After being held by the group known as the Islamic State of Iraq and the Levant (ISIL) since 2014, the city of Mosul in northern Iraq was declared under the control of the Iraqi Security Forces (ISF) in July 2017. Beginning in October 2016, the offensive to re-establish Iraqi government control over the city was accompanied by severe damage and mass displacement. Control of the east section of the city changed by January 2017, but the west – due to its narrow streets and dense population – took much longer to change control and suffered more severe damage. Prior to the offensive,
Mosul had been completely inaccessible to humanitarian actors for three years.
In order to provide comprehensive market information to inform humanitarian programming following the cessation of fighting and the return of many displaced persons to west Mosul, the Cash Working Group – Iraq (CWG) initiated a Joint Rapid Assessment of Markets (JRAM) in west Mosul. Specifically, the JRAM aims to determine the impact of a protracted crisis on a market in terms of infrastructure, security and the supply chain; to gather information on the price and availability of goods; and to gauge the ability of traders to cope with a hypothetical surge in demand to help determine the feasibility of cash and market-based programming within the assessed market.
West Mosul was selected for assessment by the CWG due to there being acute humanitarian need and presence of newly recovering markets. Given the complete lack of humanitarian access since 2014, little was known about market health in the city. An initial assessment conducted by the World Food Programme (WFP) in June found that the supply chains and food stocks that traders depended on in west Mosul were insufficient to support a sudden increase in demand. The JRAM was launched in the same area as a means to reassess the situation and determine if markets had recovered, as partners with cash and market-based programmes were eager to begin delivering aid to conflictaffected populations within west Mosul. The JRAM only assessed the parts of west Mosul that had seen some levels of return, and had experienced some level of market recovery. The coverage was determined based on information gathered during several scoping exercises conducted by data-collection partners in the week prior to the assessment.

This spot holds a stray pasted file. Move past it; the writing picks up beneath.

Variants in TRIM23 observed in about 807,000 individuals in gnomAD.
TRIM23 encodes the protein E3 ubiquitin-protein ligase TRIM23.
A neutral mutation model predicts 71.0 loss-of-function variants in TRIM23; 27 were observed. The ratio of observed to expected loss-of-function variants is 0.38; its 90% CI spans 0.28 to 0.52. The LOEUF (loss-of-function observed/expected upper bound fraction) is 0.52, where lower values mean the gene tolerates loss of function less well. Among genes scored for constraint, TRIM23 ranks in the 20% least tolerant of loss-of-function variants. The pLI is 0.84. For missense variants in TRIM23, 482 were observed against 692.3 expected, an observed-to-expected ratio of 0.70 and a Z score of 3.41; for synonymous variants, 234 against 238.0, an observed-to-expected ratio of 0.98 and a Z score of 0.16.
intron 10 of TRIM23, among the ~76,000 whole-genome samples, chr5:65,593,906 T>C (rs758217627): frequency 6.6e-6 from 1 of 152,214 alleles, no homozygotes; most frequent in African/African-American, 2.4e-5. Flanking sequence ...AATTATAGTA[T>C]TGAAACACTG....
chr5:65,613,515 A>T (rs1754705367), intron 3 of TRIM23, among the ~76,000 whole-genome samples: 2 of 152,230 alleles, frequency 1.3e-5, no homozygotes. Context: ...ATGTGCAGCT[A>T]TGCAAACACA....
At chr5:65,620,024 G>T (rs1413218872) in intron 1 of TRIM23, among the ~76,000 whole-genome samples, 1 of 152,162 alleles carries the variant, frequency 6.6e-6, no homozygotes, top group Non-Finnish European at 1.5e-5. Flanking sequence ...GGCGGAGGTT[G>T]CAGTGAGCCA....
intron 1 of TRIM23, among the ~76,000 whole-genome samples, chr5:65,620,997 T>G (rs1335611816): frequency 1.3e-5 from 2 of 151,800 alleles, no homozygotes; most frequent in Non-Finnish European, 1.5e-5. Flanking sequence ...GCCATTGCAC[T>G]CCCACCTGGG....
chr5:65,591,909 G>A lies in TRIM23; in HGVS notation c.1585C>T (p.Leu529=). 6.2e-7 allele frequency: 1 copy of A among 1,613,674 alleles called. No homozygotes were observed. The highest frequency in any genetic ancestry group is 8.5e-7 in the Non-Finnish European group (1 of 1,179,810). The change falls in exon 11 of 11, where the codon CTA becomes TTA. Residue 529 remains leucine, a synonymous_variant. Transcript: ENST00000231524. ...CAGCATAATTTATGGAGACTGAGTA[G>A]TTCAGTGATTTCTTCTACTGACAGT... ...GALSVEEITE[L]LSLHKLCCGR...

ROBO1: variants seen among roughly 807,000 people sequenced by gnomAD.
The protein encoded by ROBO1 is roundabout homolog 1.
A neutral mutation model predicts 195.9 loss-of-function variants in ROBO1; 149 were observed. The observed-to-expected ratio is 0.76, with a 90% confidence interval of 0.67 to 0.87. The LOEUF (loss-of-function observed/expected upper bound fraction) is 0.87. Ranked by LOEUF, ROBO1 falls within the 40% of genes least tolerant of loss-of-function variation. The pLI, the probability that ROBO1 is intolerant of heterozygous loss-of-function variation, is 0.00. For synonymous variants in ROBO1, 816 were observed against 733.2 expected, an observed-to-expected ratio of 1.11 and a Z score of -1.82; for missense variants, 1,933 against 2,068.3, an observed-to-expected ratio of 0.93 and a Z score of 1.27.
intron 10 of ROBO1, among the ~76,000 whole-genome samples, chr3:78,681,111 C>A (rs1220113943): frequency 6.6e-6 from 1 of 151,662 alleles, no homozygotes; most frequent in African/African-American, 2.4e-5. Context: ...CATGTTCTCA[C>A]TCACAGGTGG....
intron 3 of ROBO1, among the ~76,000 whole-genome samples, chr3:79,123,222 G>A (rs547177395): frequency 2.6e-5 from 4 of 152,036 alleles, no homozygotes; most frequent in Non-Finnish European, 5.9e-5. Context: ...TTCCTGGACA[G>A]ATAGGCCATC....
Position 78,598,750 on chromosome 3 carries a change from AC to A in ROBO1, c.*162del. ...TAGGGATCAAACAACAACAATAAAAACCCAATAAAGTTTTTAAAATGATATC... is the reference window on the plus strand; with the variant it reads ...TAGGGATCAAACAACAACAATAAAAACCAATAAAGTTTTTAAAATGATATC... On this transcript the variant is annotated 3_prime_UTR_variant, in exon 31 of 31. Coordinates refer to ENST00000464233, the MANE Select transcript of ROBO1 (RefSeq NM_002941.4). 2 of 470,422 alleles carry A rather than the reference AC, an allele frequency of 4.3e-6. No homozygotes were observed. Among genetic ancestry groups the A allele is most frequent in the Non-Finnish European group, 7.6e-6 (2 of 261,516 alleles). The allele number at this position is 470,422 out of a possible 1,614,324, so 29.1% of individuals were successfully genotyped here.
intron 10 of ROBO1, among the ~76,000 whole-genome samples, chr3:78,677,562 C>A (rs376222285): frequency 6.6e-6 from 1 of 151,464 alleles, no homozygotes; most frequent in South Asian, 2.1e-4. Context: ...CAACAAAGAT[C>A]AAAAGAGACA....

The assessment employed a qualitative research method adapted from the Rapid Assessment of Markets (RAM) developed by International Committee of the Red Cross (ICRC), and relied on a Kobo-based mobile data collection tool customised to each of the three respondent groups – retailers, wholesalers and consumers. 5 Data collection was carried out by members of the CWG, with REACH carrying out data cleaning and analysis. Between 25 July and 6 August, 11 participating partners conducted key informant (KI) interviews with 160 retailer KIs located in nine distinct market places and 65 consumer KIs located across 20 neighbourhoods in west Mosul.In addition, enumerators interviewed 58 wholesaler KIs, who were either located inside one or more of the nine assessed market places, or who traded with retailers located inside those market places.
Due to the inherent limitations of qualitative research methods, the findings within this report should be considered indicative only. Many of the figures and percentages reported are based on estimates by respondents. Findings are only relevant to the assessed market and should not be generalised to other parts of Mosul city or elsewhere in northern Iraq.
Presented below, the main findings are structured around three research questions: what impact the crisis has had on the assessed market; what is the availability and price of goods; and, what is the response capacity of traders (i.e. retailers and wholesalers).